Washington’s Republicans, Breitbart suggests, are also eager participants in the conspiracy, and are to be discredited. “Mitch McConnell Leads Establishment Republicans in Effort to Push Roy Moore Out of Alabama Race,” reads a headline atop a list of Republican senators who have called on Moore to drop out. Slightly less than half of a post about a call by “failed presidential candidate” Mitt Romney for the same is simply a description of the Obama campaign’s 2012 ad that highlighted Bain Capital’s destructive and lucrative management of GST Steel.
Breitbart’s reporting arm, to be fair, has brought a few newer bits of information to the table. It ran four “exclusives” on the controversy on Sunday, including the announcement that Moore plans to sue the Washington Post—an announcement made at an event closed to all outlets but Breitbart—and an interview with Moore’s wife, who denied the accusations against him. “At every campaign event this cycle—and Breitbart News has personally covered dozens of them in the primary, runoff, and general election—Kayla Moore has joined her husband,” Breitbart’s Matthew Boyle wrote. The subsequent sentences remind readers that the two met at Bible study and have several children and grandchildren. Boyle doesn’t say whether Moore would consider any of dating age.
The other two exclusives contain excerpts from an interview with Nancy Wells, Leigh Corfman’s mother. Wells told Breitbart that, contrary to the account given to the Post, Corfman didn’t have a phone in her bedroom and thus couldn’t have talked to Moore from it. The piece implies that this alleged inconsistency is fatal for a story that “relies heavily on Corfman’s memory and her ability to recount events consistently.” Now, if Breitbart reporters turn up evidence that Corfman has misremembered or fabricated some of the key facts of her story—that, on one occasion, Moore undressed her when she 14 years old and placed her hand on his underwear—they’ll have a real scoop indeed. Until then, they’ll have to settle for revelations like a phone being in a different room—or another tidbit from their interview with Wells: the bombshell that the Post’s reporters approached Corfman for an interview:
Corfman’s mother, Wells, told Breitbart News that reporters for the Washington Post convinced her daughter to give them an interview.
“She did not go to them,” said Wells. “They called her.”
“They tried to convince her to do it?” this reporter asked.
“Yes,” replied Wells, matter-of-factly.
Wells was asked about Corfman’s motivations for going public. “It wasn’t done for politics, you know,” Wells replied. “It was done for personal reasons. And it wouldn’t have been done if the reporters hadn’t contacted my daughter.”
Breitbart’s bewilderment at some of the basic processes of journalism is understandable. This is, after all, a publication that dedicates a considerable amount of space to lauding the activities and pronouncements of its own executive chairman Steve Bannon, who has evidently taken a break from issuing warnings about the degradation of Western values to defend an accused pedophile. A post published the day after the Post story consisted almost entirely of CBS News’ report on Bannon’s speech at a New Hampshire fundraiser, during which he dismissed the “the Bezos-Amazon-Washington Post” as a “part of the apparatus of the Democratic Party.” Another post’s headline announces, “Bannon: Republican Establishment and Media Launched a ‘Weaponized Hit on Judge Moore’ ” before what amounts to a 1,500-word transcript of an interview between Bannon and his employee, Breitbart’s Alex Marlow, in which Bannon, predictably, accuses the mainstream press of having it in for Moore. “Here’s the great thing about the internet, and places like Breitbart and others,” he says. “You can’t fool people anymore. The information can get out there. People will make their own judgment.”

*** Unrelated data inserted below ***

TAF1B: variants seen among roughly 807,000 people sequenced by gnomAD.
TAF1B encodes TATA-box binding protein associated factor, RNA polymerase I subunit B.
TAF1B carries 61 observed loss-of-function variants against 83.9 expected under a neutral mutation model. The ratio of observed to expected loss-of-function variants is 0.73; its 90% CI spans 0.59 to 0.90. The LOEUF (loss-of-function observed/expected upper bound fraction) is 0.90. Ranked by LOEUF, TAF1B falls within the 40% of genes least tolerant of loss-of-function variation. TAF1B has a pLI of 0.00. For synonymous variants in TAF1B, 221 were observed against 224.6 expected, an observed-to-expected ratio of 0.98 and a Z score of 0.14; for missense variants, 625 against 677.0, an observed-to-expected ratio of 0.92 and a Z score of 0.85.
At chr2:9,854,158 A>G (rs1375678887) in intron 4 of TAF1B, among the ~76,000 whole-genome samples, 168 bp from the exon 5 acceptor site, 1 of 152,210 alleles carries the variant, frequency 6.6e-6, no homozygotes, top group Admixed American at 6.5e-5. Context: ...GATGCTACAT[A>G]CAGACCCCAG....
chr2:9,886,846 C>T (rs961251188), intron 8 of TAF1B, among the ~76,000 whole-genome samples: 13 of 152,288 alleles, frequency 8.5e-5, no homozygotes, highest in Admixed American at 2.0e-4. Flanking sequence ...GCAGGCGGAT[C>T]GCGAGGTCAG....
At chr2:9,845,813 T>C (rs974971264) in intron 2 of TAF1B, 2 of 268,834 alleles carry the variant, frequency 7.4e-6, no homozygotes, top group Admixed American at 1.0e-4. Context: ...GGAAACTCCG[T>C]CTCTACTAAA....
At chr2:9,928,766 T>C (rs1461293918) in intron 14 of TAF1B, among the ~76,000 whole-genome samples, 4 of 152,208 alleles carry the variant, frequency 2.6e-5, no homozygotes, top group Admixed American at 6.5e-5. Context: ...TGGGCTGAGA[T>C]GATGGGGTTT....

“Bannon,” the post continues, “described the Breitbart News Daily model as presenting the facts and allowing the audience to form their own opinions producing a caller-driven radio show.”
The Moore story, all in all, is just another rotation in Breitbart’s perfect ouroboros of conspiratorial thinking and self-confirmation. Perhaps fortunately for Bannon and crew, Breitbart’s former tech editor Milo Yiannopoulos—who has argued 13-year-olds are capable of sexual consent—isn’t on hand to offer his thoughts; he and Bannon have had a falling out about revelations about Milo’s communications with white nationalists, which made the subtext of the site’s dog-whistling xenophobia text. Yiannopoulos’ or another writer’s provocative affirmative defense of sexually pursuing children would’ve overshadowed the message that Breitbart is more interested in pushing: This Moore story, like all stories, is ultimately about the swamp.